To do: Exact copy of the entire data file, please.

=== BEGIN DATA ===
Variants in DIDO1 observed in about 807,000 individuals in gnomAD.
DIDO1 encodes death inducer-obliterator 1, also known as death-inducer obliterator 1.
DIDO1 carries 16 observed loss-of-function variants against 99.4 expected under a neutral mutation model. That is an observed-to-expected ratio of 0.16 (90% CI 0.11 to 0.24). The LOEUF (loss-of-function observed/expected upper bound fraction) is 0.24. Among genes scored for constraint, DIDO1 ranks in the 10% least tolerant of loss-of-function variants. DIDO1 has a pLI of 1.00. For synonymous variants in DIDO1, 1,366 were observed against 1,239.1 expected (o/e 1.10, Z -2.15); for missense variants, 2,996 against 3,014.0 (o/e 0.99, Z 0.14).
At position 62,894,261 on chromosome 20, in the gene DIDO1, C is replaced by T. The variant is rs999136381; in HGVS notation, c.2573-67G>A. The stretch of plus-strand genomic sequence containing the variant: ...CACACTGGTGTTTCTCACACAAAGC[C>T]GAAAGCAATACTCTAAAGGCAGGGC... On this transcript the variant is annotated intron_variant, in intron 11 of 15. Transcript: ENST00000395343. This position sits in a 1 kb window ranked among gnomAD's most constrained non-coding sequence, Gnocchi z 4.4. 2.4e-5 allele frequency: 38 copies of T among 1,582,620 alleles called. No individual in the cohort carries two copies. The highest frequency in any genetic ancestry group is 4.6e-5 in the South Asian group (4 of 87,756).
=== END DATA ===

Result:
Variants in DIDO1 observed in about 807,000 individuals in gnomAD.
DIDO1 encodes death inducer-obliterator 1, also known as death-inducer obliterator 1.
DIDO1 carries 16 observed loss-of-function variants against 99.4 expected under a neutral mutation model. That is an observed-to-expected ratio of 0.16 (90% CI 0.11 to 0.24). The LOEUF (loss-of-function observed/expected upper bound fraction) is 0.24. Among genes scored for constraint, DIDO1 ranks in the 10% least tolerant of loss-of-function variants. DIDO1 has a pLI of 1.00. For synonymous variants in DIDO1, 1,366 were observed against 1,239.1 expected (o/e 1.10, Z -2.15); for missense variants, 2,996 against 3,014.0 (o/e 0.99, Z 0.14).
At position 62,894,261 on chromosome 20, in the gene DIDO1, C is replaced by T. The variant is rs999136381; in HGVS notation, c.2573-67G>A. The stretch of plus-strand genomic sequence containing the variant: ...CACACTGGTGTTTCTCACACAAAGC[C>T]GAAAGCAATACTCTAAAGGCAGGGC... On this transcript the variant is annotated intron_variant, in intron 11 of 15. Transcript: ENST00000395343. This position sits in a 1 kb window ranked among gnomAD's most constrained non-coding sequence, Gnocchi z 4.4. 2.4e-5 allele frequency: 38 copies of T among 1,582,620 alleles called. No individual in the cohort carries two copies. The highest frequency in any genetic ancestry group is 4.6e-5 in the South Asian group (4 of 87,756).